Probe on

China’s investigation of four Rio Tinto Group employees, including Australian Stern Hu, for alleged bribery and theft of commercial secrets may last two months, according to a law firm representing two executives.

A probe would be followed by one-and-a-half months of review by prosecutors before court hearings, according to procedures outlined in Chinese law, Shanghai-based lawyer Zhai Jian said. Zhai’s firm represent Ge Minqiang and Wang Yong.

Hu, head of Rio’s iron ore business in China, and three Chinese colleagues, were formally arrested this month for allegedly stealing secrets related to the steel industry, a publication run by the prosecutors’ office said August 12. The detention since July 5 and arrest have strained relations between Australia and China.

Profit slumps

Rio Tinto on Thursday reported a 65 per cent slump in first-half earnings, hurt by falling commodities prices and the cost of getting out of an asset sale to Chinalco. Rio Tinto said its profit dropped to $2.45 billion from $6.95 billion.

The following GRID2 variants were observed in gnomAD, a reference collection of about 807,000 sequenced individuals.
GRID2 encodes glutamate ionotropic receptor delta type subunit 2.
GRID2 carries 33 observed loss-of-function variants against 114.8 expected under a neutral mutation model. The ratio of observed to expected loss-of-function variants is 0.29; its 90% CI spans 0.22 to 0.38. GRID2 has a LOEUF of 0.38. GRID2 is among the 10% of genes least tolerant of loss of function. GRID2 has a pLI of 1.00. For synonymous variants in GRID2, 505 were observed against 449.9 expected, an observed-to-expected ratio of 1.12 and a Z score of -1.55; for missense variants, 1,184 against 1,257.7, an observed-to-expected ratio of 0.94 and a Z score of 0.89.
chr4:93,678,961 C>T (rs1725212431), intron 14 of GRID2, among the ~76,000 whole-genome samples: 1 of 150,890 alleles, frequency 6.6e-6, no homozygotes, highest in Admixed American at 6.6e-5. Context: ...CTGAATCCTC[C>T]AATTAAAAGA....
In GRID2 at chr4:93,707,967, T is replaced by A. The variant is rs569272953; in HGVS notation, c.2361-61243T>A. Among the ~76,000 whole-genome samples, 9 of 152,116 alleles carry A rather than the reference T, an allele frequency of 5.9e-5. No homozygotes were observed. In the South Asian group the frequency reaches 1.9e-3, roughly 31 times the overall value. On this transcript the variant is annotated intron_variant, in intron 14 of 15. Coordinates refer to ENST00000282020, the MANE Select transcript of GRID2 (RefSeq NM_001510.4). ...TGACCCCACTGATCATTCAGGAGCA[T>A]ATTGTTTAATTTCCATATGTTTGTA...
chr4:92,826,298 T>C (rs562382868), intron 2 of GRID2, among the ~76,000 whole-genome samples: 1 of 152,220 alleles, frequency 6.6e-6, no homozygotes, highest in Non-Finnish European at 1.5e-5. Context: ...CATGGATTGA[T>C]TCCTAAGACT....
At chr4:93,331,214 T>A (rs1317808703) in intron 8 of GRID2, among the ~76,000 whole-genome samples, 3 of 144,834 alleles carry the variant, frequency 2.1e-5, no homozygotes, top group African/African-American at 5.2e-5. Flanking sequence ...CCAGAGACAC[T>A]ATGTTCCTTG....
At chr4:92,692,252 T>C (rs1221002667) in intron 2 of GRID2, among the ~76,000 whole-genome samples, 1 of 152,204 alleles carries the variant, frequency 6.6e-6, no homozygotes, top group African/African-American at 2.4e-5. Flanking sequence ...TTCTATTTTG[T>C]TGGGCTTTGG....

Its underlying earnings of $2.57 billion came in a bit below analyst estimates of $2.67 billion. Slumping prices accounted for $4.67 billion of the declining profit, as average copper and aluminum prices fell 50 per cent while molybdenum prices skidded 74 per cent.

A decline in production, notably in aluminum, took a $294 million dent out of earnings, while it took a $182 million after-tax hit from getting out of a deal to sell assets to Chinalco.

Rio Tinto, which cut 16,000 jobs during the first half, opted to raise $15.2 billion through selling discounted shares rather than stakes in a host of assets to Chinalco following shareholder criticism as well as a rise in the Anglo-Australian firm’s share price.

The company also has announced $3.7 billion of asset sales this year and a separate iron-ore venture with BHP Billiton that the firms believe will save them $10 billion.

In talks

Fortescue Metals Group Ltd, Australia’s third biggest iron ore exporter, remains in talks with Chinese groups to secure as much as $6 billion to expand.

“We have held discussions with major Chinese financiers to extend credit to around $5.5 billion to $6 billion to Fortescue,” Chief Executive Officer Andrew Forrest said today in an interview on Bloomberg TV. Fortescue wants to have the financing secured by the end of September, it said on August 17.